In his manifesto Reality Hunger, David Shields uses assemblage to curate a dialogue about the limits of The Real. The voices he appropriates and sequences implicitly argue that our increasingly urgent twenty-first century desire for reality is compromised by the fact that our storytelling mechanisms are growing further from it. As Shields notes (without acknowledging in the text proper that he is parroting E. L. Doctorow), “There’s no longer any such thing as fiction or nonfiction; there’s only narrative.”
* fiction by Brenda Peynado from MQR 54:3 (Summer 2015) *
When the American ships arrived, they looked like giant white women swimming towards us on the horizon. American marines shouted orders from the crooks of the ships’ pale elbows, readied guns in the corner of vicious smiles. I was pushing Pablito’s stroller on el Malecón, and the people around me said, Look, what is that? But I knew. I had seen them before, decades ago in the first invasion.
The novella is slender but gaping. It embraces pause and pattern and gesture. It declares, “I can say more with less” and then it does. It is not an unwieldy short story but cohesive, taut, succinct. It is the novel’s architectural foundation, the stripped and fleshless core that argues the frame of a story might be enough. The novella is a kind of constellation. It is not less than the novel. In that it crafts and calcifies a story world, harnessing concision and brevity to widen the scale and possibilities of our own, the novella might be more.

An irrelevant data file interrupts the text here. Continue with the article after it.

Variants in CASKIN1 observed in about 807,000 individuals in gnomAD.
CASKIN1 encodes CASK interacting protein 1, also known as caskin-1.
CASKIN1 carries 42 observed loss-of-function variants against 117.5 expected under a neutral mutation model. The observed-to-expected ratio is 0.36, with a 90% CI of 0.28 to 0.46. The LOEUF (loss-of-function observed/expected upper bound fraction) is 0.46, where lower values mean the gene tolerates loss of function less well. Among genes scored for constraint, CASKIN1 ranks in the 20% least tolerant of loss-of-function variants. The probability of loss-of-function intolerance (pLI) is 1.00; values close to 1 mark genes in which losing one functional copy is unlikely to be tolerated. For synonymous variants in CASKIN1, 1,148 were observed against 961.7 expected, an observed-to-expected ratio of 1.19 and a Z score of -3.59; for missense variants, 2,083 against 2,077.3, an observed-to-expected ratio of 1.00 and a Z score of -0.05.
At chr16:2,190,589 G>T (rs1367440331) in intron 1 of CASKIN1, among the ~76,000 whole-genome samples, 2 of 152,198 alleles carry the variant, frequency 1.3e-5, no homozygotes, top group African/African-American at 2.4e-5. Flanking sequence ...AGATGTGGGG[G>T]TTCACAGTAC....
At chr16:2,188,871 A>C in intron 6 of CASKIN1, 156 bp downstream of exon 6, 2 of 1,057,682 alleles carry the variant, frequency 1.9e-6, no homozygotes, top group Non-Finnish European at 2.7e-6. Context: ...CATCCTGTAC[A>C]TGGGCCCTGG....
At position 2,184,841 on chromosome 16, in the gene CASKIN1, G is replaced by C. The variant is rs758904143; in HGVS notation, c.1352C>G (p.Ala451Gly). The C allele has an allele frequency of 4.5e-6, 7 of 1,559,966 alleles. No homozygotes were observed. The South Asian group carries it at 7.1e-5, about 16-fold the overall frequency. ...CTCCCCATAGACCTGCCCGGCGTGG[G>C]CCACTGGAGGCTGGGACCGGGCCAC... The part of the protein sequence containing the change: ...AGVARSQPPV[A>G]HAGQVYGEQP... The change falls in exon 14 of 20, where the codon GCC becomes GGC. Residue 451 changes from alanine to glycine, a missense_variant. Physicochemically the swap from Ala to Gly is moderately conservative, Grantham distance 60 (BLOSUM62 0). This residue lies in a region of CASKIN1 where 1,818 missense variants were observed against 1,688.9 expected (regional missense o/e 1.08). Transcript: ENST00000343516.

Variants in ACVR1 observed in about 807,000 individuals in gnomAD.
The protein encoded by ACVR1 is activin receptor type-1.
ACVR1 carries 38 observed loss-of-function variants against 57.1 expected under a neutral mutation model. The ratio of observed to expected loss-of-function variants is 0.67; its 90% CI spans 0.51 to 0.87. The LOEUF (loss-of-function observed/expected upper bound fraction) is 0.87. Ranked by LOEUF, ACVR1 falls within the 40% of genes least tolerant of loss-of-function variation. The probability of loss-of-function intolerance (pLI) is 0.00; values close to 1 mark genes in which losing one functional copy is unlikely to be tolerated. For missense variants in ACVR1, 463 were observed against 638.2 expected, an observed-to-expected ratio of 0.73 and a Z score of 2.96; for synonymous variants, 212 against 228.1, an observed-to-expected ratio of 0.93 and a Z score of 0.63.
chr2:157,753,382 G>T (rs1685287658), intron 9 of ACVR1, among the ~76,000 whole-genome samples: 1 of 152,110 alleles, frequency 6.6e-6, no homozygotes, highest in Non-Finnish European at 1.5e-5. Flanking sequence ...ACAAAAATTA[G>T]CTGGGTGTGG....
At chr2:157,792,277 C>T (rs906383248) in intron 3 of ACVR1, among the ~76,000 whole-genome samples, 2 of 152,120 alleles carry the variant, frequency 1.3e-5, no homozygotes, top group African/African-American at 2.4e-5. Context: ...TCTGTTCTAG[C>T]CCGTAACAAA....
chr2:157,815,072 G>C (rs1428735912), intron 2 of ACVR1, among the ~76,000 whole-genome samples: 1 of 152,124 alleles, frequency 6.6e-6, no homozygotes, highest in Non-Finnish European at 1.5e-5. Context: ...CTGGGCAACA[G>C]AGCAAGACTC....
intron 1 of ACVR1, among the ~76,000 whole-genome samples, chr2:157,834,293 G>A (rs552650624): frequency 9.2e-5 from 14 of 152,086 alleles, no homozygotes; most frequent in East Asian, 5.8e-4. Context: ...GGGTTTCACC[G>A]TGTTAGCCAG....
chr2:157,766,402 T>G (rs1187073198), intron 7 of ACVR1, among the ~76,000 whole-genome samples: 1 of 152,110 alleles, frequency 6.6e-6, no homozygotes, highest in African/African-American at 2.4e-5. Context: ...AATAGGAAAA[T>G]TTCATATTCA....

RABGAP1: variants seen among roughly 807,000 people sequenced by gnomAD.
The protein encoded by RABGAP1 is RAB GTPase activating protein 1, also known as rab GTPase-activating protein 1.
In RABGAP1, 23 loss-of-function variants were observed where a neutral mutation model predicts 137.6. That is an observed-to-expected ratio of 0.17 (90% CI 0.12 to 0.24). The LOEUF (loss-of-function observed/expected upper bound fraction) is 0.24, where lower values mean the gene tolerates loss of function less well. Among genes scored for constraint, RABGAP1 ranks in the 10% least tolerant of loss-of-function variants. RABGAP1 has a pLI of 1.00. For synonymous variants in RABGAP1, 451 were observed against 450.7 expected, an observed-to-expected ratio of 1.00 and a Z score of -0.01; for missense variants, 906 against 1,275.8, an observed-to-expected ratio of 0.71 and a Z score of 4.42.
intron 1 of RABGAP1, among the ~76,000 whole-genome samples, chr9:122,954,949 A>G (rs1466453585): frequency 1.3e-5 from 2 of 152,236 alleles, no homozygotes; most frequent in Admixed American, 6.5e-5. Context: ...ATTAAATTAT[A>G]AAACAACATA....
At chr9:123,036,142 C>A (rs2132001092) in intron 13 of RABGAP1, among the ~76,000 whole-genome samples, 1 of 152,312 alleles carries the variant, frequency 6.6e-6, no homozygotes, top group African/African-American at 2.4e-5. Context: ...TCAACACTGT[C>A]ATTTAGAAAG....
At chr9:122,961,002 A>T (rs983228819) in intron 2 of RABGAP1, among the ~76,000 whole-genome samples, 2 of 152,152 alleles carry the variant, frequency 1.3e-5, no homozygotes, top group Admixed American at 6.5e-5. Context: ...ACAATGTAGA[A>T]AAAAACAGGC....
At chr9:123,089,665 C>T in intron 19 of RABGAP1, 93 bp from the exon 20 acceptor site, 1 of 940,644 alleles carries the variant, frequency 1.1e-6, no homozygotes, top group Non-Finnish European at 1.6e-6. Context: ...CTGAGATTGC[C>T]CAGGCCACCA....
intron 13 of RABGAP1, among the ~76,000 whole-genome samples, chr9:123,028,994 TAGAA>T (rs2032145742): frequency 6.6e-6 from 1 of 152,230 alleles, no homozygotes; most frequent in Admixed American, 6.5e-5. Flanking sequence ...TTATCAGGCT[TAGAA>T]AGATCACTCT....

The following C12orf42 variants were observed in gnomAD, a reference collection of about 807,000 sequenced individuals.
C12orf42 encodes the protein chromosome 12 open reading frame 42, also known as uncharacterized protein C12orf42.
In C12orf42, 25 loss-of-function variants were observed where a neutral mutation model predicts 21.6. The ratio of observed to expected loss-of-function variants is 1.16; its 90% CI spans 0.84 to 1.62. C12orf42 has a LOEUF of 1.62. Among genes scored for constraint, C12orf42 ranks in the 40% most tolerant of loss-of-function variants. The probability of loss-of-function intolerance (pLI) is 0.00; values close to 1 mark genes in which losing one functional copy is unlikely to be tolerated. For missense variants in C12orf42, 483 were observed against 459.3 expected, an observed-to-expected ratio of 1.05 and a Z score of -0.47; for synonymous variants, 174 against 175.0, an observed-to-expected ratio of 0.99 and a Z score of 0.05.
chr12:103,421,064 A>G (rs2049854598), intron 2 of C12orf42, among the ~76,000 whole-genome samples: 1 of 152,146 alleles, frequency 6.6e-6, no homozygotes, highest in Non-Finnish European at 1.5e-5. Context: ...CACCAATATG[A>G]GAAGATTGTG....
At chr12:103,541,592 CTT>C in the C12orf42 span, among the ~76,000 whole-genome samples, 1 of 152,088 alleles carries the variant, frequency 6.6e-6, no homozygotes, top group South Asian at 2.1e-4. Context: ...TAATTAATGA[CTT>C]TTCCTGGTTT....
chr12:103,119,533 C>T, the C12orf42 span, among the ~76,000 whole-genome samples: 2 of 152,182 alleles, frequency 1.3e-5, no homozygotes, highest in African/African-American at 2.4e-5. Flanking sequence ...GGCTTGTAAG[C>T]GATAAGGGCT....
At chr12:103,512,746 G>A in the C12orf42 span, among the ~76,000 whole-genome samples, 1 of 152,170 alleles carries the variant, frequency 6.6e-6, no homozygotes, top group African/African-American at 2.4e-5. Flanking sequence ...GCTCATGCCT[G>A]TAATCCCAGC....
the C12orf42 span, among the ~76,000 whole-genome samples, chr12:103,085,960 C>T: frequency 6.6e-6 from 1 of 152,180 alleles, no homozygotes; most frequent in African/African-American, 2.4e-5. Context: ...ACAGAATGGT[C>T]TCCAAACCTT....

The uninflected prose of an objective narrator has seemingly declined in contemporary literature in favor of the “voicier” POVs such as first person, second person, or third person close. We are told that reflecting characters’ personalities in the language—such as by collapsing the distance between the way they speak and the way the story is narrated—is a good thing.